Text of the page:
The raccoon has long been a symbol of mischief, but they are also well recognized as clever critters. If you have ever had the opportunity of watching a raccoon eat, interact with other raccoons, or just simply live in its own environment, you may have wondered to yourself: just how smart are raccoons, exactly? And how does raccoon intelligence compare with other animals?
Raccoons are known to easily find their way into crevices of your home that you would never have thought were accessible to a critter of that size. They are notorious for finding their way into trash cans, compost piles, and anything else on your property that could offer anything to them that is edible. Even certain locking mechanisms aren’t enough to keep raccoons out as they have even been recorded opening some latches and doors. Raccoons have a hypersensitive sense of touch, and are believed to be able to hear things as quiet as an earthworm moving underground.
Even with all of these intriguing pieces of information about raccoon behavior, there have still only been very few studies on the actual level of intelligence.
Raccoon intelligence can be tied to it’s heightened senses.
Touch – The raccoon’s sense of touch is its most important sense. If you have ever fed wild raccoons, you would notice that when they approach the food, they commonly keep their eyes on you, but feel around for the food with their paws. Their paws have five digits and are covered with a “horny layer” which becomes pliable when it gets wet. About two thirds of the part of the raccoons brain that is responsible for sensory perception is specialized for interpreting the sense of touch. This is more than any recorded animal! All of this could lead to the common belief that raccoons actually possess opposable thumbs (which they do not). Raccoons are so surprisingly able to use their paws in such a way that many people refer to their paws as “hands”. Raccoons can also identify things before even touching them because their sensitive, non-retractable claws are covered in small hairs called “vibrissae” that send signals to their brain.
Hearing – The raccoon has an impressive auditory sense. They can hear tones up to 85kHz and sounds as quiet as an earthworm moving underground close to the surface.
Smell – The sense of smell is very useful to the raccoon. The raccoon’s acute sense of smell helps it navigate in the dark, up around trees, and directly to food.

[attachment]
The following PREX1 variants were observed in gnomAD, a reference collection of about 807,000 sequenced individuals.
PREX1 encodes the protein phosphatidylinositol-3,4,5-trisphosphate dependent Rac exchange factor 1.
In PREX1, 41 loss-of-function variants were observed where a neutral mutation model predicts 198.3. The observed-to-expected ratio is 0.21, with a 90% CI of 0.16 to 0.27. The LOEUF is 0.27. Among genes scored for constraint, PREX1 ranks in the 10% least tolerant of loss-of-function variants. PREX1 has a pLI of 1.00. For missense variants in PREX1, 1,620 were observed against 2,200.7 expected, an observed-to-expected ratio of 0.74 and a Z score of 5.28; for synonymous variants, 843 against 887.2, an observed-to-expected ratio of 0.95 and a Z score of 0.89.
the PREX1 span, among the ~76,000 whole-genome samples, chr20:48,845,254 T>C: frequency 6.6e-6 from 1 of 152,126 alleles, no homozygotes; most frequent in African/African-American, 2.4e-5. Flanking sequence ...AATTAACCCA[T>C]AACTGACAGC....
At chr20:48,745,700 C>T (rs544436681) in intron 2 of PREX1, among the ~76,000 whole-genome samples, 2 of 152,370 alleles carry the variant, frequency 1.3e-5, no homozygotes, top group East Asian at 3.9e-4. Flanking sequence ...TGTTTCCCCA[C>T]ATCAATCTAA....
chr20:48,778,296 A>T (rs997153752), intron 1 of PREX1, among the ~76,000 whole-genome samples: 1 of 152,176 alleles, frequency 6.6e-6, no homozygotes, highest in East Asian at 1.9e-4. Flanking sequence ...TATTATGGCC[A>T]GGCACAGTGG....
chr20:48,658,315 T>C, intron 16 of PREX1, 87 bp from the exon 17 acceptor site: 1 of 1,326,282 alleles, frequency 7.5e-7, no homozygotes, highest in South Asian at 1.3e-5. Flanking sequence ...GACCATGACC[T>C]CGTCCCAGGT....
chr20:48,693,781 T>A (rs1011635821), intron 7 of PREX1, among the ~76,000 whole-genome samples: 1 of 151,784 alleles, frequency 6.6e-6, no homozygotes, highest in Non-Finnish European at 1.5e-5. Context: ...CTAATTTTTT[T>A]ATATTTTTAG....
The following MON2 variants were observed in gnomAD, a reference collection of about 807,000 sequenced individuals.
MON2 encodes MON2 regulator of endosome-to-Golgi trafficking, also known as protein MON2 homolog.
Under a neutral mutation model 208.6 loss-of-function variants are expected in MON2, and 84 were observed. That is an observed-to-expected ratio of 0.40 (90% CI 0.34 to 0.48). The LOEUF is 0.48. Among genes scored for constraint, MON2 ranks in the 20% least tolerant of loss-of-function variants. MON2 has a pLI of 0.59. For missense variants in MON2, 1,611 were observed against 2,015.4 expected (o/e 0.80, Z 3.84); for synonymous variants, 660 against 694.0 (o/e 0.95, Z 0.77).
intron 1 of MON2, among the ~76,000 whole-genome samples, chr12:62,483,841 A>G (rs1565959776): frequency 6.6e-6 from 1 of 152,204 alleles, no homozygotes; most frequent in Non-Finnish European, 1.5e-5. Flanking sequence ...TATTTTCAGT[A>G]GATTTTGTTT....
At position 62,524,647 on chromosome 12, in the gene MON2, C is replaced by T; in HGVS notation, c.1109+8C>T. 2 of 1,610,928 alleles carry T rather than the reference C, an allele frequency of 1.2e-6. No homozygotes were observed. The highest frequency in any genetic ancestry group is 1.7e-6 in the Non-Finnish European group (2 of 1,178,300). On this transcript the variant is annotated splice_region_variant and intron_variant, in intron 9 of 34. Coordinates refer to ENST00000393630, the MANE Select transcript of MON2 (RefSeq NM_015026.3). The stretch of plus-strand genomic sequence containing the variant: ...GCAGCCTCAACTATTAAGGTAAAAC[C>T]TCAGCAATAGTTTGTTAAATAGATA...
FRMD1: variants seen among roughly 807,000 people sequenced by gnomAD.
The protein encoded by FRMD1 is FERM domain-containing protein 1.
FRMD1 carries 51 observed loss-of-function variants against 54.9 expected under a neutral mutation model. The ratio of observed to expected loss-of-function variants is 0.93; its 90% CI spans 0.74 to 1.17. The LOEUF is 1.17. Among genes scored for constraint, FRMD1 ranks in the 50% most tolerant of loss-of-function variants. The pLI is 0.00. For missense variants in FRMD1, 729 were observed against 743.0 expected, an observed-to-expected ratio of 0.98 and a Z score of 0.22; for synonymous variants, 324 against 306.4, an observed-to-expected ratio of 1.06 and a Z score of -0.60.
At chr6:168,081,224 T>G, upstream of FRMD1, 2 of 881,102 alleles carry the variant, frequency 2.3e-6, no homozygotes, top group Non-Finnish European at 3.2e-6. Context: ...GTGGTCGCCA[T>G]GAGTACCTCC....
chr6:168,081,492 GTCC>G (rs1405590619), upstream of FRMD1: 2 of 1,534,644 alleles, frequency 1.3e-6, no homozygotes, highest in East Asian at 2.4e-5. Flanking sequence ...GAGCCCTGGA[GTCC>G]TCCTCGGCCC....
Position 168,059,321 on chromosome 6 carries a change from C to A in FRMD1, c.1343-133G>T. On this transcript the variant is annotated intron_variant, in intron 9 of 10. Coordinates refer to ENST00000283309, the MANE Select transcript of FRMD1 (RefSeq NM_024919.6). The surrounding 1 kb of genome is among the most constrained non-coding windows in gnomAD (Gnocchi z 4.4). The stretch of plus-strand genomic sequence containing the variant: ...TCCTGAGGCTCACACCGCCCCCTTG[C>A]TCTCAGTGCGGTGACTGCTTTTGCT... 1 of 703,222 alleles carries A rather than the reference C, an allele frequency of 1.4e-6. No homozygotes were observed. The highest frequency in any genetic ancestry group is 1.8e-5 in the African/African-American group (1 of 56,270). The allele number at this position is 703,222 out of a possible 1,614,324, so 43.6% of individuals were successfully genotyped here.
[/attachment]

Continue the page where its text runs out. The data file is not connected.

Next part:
Sight – Sight is not a very important sense to raccoons. Raccoons are generally understood to be colorblind, and also have very poor long-distance vision. Aside from this, raccoons can see comparably well in twilight, which is quite useful to this nocturnal animal.
Zoologist Clinton Hart Merriam was quoted claiming that, in some ways, the raccoon’s “cunning surpasses that of the fox”. Raccoons intelligence is evident in the fact that the animal has thrived with the spread of human urbanization, instead of receded. Raccoons are historically under-studied for intelligence, but out of the few studies done on them, raccoons performed outstandingly well.
- H.B. Davis “Lock Test”
In 1908, a study was done by ethologist H.B. Davis to test raccoon intelligence using a series of locking mechanisms that needed to be mastered in order to release a treat. The Raccoons had to figure out how to manipulate a total of 13 complex locks in order to be rewarded. Sometimes the locks were turned upside down, rearranged, or required a combination of locks in certain orders. They included buttons, gate hooks, and bolts.
In fewer than 10 tries, the raccoons were impressively able to open 11 of the 13 locks. Even after finding the solutions to the tasks set before them, more studies were later done to find that the raccoons were able to remember the solutions to these locks for up to three years.
In comparison, Davis took a look at work that was done by other researches on rhesus macaques. He observed that at first it seemed the the monkeys seemed “a little less clever at the start” in comparison to raccoons. The monkeys were a little more open to distraction than raccoons were. However, overall he stated that “the two animals stand fairly close together in the matter of learning to undo locking devices.”
- Walter S. Hunter’s Light-Bulb Memory Test
Walter S. Hunter conducted an experiment between four raccoons, five human children, two dogs, and 22 rats. His objective was to find out how raccoon intelligence stacked up against its contenders in the memory department.
He first positively associated a light bulb illuminating with a reward of food. After that, he kept each test subject behind a gate from which they could observe three light bulbs. One of the three bulbs would briefly illuminate, then shut off. The test subjects had to remember which light bulb had illuminated after being shut off for a period of time, then approach and collect the reward.
In the results of the tests, it appeared that the raccoons, dogs, and rats all learned in the same way. In fact, the raccoons did not stand out for the length of time they were able to correctly remember how long the light had been illuminated.
One big difference, though, was that the dogs and rats had to keep their bodies and eyes pointed toward the light bulb in order to correctly remember which one had been lit. The raccoon and the children were able to walk around freely and change their body orientation away from the light bulb and still be able to remember which was lit even after being distracted.
A raccoons intelligence is definitely something to be considered when you have a raccoon infestation in your attic or home. Don’t underestimate these smart little guys. Call in an expert to keep you, your family, and your property safe.